Vienna finds lost Jewish tombstones
Jewish leaders in the Austrian capital have announced the recovery of old Jewish tombstones that were hidden underground from the Nazis.
Officials from Vienna City Council and Vienna's Jewish community say this is a culturally significant find.
They say the sites are potentially comparable to the historic Jewish graveyards in Prague, which survived demolition in the Nazi era.
Twenty headstones have been found in Vienna's Seegasse cemetery.
The stones, from the early Baroque period, were carefully buried close to the surface, with layers of earth separating them. Officials believe many more could still be concealed, including some much older.
The Seegasse cemetery, which is the oldest Jewish burial ground in Vienna and dates back to the late 15th Century, is not easy to find.
A little grassy oasis in the middle of residential Vienna, it has no street entrance, and can only be accessed through the lobby of a city-run old people's home - once the site of an ancient Jewish hospital.
After Germany annexed Austria in 1938, the 185,000 Jews who lived in Vienna quickly became the victims of persecution, and their graveyards were targeted in order to erase all signs of Jewish history.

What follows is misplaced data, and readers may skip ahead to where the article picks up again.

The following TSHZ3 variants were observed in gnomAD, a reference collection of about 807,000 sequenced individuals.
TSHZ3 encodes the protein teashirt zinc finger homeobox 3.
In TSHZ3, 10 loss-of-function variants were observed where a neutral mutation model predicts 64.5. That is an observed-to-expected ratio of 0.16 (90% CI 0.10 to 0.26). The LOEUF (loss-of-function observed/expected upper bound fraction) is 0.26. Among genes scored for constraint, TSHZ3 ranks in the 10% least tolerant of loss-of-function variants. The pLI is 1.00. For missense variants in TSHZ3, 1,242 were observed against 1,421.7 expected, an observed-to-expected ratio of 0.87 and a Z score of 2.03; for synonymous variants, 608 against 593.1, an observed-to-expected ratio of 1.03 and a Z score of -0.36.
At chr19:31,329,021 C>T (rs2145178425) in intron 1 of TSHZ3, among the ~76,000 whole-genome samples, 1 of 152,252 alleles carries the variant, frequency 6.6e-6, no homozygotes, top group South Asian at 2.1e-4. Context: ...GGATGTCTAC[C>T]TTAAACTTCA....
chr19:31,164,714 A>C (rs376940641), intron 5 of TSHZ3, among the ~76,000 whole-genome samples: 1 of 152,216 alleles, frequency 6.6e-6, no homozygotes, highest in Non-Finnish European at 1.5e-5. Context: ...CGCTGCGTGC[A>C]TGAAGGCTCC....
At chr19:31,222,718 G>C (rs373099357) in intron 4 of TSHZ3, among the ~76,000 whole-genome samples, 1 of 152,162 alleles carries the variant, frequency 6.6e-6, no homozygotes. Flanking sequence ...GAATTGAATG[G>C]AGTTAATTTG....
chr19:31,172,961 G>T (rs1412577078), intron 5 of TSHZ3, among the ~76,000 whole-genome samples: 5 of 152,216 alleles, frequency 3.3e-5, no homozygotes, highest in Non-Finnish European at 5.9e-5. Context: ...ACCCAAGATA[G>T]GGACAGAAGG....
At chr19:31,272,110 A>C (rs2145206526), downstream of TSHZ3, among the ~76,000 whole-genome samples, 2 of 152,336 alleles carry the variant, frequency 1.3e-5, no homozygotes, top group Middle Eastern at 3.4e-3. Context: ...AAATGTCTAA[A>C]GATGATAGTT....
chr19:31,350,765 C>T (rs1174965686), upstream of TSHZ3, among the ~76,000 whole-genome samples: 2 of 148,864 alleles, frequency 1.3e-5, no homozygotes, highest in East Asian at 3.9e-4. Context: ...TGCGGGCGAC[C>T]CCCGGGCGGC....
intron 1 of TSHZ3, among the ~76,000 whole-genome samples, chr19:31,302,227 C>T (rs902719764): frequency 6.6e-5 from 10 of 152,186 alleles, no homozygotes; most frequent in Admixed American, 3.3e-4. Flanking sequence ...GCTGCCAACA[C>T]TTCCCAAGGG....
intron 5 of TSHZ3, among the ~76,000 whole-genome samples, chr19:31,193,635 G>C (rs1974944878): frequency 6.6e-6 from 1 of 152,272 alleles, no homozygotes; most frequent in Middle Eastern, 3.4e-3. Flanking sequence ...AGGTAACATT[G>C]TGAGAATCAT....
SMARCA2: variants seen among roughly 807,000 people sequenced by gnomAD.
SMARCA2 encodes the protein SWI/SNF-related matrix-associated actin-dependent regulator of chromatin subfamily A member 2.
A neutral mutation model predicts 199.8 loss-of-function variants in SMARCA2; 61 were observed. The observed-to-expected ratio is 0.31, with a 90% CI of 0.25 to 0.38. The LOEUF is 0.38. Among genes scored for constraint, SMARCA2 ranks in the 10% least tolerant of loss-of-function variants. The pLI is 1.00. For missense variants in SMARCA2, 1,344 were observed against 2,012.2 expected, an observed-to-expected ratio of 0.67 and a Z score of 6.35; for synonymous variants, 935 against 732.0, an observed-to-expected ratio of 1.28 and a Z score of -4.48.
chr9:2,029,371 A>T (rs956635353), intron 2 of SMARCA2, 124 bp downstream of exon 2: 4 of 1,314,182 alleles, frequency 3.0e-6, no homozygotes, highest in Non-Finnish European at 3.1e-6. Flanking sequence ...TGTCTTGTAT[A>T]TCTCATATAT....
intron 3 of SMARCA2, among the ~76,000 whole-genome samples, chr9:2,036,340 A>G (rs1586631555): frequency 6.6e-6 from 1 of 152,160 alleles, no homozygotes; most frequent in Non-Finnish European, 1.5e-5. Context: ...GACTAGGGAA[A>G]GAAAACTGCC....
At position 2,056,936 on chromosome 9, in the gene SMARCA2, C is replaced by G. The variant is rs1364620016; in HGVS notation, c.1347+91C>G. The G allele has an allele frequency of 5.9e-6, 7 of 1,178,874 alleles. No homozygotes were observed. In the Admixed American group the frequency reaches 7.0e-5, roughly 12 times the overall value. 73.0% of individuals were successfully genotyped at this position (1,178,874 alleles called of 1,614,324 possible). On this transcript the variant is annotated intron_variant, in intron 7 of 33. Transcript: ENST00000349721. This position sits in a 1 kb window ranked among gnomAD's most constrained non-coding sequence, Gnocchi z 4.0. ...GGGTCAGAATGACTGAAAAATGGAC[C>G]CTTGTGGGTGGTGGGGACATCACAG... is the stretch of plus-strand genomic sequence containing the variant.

More than 65,000 Jews were deported to Nazi death camps, while most of the rest fled the country.
During the Nazi-era, the Vienna city government gave orders for the Seegasse graveyard to be destroyed to make a children's playground.
But one official from the Jewish community, Ernst Feldsberg, was determined to preserve the gravestones, as a physical record of Jewish presence in Vienna. As many as possible were removed.
The historian Tina Walzer says it must have been a very difficult undertaking, during the period of intense persecution in 1942-43.
"Ernst Feldsberg did everything he could to find men and transportation to bring as many valuable tombstones as possible from one end of town to another and hide them in Vienna's main central cemetery.
"Whatever they couldn't carry away from the Seegasse graveyard, they buried underground."
After the war, there were few survivors who remembered the fate of the gravestones, and their existence was largely forgotten.
Tina Walzer says that until recently there was reluctance to allow archaeological work at the site.
"The Jewish community, which considers itself to be Orthodox, was always against digging at the cemetery and refused to allow research at the site for decades."
But now the head of Vienna's Jewish Community, Oskar Deutsch, has welcomed the discovery. He says the plans to restore the graveyard are a sign that Vienna is confronting its Nazi past.
"It is extremely positive that the city of Vienna is now facing up to the unhappy past and has undertaken to restore the cemetery," he says.